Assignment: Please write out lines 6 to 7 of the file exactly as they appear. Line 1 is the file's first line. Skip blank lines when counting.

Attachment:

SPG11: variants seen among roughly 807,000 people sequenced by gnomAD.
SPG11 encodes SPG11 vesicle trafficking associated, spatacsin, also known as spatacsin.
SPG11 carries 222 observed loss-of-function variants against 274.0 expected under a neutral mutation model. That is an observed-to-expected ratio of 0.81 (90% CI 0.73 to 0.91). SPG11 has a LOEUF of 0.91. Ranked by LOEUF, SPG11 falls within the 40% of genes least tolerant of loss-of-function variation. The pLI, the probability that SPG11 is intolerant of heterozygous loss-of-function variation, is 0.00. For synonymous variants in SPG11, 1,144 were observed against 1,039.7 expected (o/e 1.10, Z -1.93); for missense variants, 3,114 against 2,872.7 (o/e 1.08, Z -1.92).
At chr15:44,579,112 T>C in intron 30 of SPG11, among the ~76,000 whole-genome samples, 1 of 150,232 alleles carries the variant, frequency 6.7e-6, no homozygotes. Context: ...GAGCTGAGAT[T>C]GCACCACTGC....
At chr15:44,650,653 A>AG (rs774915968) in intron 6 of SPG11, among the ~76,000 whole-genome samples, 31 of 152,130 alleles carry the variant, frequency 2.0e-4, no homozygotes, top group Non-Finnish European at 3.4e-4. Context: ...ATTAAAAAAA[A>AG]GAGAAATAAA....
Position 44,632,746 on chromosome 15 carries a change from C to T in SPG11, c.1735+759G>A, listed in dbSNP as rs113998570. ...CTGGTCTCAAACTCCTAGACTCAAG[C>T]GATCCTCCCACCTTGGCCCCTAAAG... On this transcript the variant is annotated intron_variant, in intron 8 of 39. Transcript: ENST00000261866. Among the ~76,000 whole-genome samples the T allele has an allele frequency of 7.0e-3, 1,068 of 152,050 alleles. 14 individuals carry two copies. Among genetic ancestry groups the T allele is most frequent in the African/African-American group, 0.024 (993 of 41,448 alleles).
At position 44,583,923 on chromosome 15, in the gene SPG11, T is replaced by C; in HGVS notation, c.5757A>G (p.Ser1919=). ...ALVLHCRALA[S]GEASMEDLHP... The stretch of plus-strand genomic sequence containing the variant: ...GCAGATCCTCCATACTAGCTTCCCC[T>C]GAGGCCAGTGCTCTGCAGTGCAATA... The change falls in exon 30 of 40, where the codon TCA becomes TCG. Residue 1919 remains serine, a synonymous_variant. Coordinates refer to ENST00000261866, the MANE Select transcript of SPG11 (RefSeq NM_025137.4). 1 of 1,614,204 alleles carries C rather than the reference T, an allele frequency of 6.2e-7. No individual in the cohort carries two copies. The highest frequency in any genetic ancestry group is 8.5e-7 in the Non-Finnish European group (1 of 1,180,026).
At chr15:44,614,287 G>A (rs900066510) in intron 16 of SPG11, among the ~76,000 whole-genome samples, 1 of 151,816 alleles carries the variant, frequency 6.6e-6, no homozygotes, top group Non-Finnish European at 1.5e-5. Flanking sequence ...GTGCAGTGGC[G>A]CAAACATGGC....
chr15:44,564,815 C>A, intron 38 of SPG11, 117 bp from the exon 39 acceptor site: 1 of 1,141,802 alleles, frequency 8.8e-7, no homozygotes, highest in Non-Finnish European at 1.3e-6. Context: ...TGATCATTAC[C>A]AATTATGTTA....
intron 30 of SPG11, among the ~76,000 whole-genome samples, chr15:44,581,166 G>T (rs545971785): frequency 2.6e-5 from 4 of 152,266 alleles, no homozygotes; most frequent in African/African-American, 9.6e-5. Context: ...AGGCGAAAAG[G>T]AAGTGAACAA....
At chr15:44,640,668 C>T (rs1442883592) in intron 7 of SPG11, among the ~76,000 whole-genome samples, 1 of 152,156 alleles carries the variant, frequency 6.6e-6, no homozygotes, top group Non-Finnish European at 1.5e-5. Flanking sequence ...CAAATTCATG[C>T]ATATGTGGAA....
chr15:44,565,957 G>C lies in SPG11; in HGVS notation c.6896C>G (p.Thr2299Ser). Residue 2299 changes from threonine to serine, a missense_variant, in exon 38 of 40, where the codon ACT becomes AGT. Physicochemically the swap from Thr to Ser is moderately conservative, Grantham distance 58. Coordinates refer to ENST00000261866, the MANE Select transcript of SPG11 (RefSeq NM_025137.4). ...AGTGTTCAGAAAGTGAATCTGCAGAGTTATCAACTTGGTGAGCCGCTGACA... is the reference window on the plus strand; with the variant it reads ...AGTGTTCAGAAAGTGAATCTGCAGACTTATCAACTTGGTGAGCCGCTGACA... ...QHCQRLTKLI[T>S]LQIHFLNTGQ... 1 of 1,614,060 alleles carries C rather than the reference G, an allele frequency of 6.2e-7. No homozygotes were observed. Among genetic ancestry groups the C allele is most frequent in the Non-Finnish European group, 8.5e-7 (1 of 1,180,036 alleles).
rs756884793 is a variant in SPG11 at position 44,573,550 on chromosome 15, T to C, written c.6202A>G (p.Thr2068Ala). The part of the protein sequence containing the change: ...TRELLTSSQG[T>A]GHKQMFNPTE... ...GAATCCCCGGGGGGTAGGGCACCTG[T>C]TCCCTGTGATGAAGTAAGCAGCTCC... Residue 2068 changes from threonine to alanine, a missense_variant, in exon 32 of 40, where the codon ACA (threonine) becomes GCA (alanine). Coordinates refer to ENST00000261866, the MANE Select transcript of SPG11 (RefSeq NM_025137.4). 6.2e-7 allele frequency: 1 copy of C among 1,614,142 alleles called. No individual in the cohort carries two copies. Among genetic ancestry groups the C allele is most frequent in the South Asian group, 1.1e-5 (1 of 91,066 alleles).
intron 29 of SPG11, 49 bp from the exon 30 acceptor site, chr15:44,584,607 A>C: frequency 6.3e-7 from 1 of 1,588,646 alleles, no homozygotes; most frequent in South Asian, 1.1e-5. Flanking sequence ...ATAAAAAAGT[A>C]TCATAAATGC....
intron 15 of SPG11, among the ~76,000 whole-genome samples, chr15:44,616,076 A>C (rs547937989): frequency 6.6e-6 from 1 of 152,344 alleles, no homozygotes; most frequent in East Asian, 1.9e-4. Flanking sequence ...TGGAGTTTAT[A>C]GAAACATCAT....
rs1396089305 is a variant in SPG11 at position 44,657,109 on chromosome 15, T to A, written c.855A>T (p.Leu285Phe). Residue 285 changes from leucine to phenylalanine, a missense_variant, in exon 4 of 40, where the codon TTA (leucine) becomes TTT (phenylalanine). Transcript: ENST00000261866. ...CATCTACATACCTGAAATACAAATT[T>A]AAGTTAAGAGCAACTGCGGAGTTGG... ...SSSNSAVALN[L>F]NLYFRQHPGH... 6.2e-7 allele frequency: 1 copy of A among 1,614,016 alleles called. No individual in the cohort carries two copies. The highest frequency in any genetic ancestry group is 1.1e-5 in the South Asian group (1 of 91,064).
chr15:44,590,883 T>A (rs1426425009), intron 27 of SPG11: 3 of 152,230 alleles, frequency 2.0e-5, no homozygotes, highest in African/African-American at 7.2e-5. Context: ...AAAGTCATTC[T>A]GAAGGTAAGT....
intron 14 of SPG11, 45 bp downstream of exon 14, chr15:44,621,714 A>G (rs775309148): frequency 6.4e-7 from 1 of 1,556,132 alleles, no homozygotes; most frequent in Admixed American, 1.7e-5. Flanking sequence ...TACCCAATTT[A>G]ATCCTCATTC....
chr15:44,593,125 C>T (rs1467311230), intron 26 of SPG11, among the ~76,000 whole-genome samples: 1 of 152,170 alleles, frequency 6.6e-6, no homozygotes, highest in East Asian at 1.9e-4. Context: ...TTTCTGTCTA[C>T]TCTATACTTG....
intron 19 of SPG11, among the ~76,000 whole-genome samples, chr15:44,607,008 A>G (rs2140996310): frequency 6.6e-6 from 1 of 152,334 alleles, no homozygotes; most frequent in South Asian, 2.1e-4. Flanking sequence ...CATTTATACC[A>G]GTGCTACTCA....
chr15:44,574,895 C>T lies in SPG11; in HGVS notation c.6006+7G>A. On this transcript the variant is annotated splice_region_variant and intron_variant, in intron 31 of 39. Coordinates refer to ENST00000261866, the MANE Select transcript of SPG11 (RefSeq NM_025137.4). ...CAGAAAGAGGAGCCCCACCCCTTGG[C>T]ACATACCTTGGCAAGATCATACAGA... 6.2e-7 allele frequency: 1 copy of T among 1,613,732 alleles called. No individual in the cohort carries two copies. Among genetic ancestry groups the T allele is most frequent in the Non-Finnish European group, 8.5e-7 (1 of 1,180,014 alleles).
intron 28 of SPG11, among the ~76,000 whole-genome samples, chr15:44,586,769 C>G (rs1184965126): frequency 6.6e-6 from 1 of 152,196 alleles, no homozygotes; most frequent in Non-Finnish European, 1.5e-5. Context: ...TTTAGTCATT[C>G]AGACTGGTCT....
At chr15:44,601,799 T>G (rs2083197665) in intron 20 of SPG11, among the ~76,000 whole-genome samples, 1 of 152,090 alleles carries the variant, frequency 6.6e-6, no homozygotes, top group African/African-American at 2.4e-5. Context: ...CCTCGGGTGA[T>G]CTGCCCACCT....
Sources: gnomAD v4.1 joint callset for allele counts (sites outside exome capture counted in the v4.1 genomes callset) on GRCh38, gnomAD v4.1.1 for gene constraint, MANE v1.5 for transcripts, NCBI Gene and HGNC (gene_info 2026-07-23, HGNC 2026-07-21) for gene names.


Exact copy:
Position 44,632,746 on chromosome 15 carries a change from C to T in SPG11, c.1735+759G>A, listed in dbSNP as rs113998570. ...CTGGTCTCAAACTCCTAGACTCAAG[C>T]GATCCTCCCACCTTGGCCCCTAAAG... On this transcript the variant is annotated intron_variant, in intron 8 of 39. Transcript: ENST00000261866. Among the ~76,000 whole-genome samples the T allele has an allele frequency of 7.0e-3, 1,068 of 152,050 alleles. 14 individuals carry two copies. Among genetic ancestry groups the T allele is most frequent in the African/African-American group, 0.024 (993 of 41,448 alleles).
At position 44,583,923 on chromosome 15, in the gene SPG11, T is replaced by C; in HGVS notation, c.5757A>G (p.Ser1919=). ...ALVLHCRALA[S]GEASMEDLHP... The stretch of plus-strand genomic sequence containing the variant: ...GCAGATCCTCCATACTAGCTTCCCC[T>C]GAGGCCAGTGCTCTGCAGTGCAATA... The change falls in exon 30 of 40, where the codon TCA becomes TCG. Residue 1919 remains serine, a synonymous_variant. Coordinates refer to ENST00000261866, the MANE Select transcript of SPG11 (RefSeq NM_025137.4). 1 of 1,614,204 alleles carries C rather than the reference T, an allele frequency of 6.2e-7. No individual in the cohort carries two copies. The highest frequency in any genetic ancestry group is 8.5e-7 in the Non-Finnish European group (1 of 1,180,026).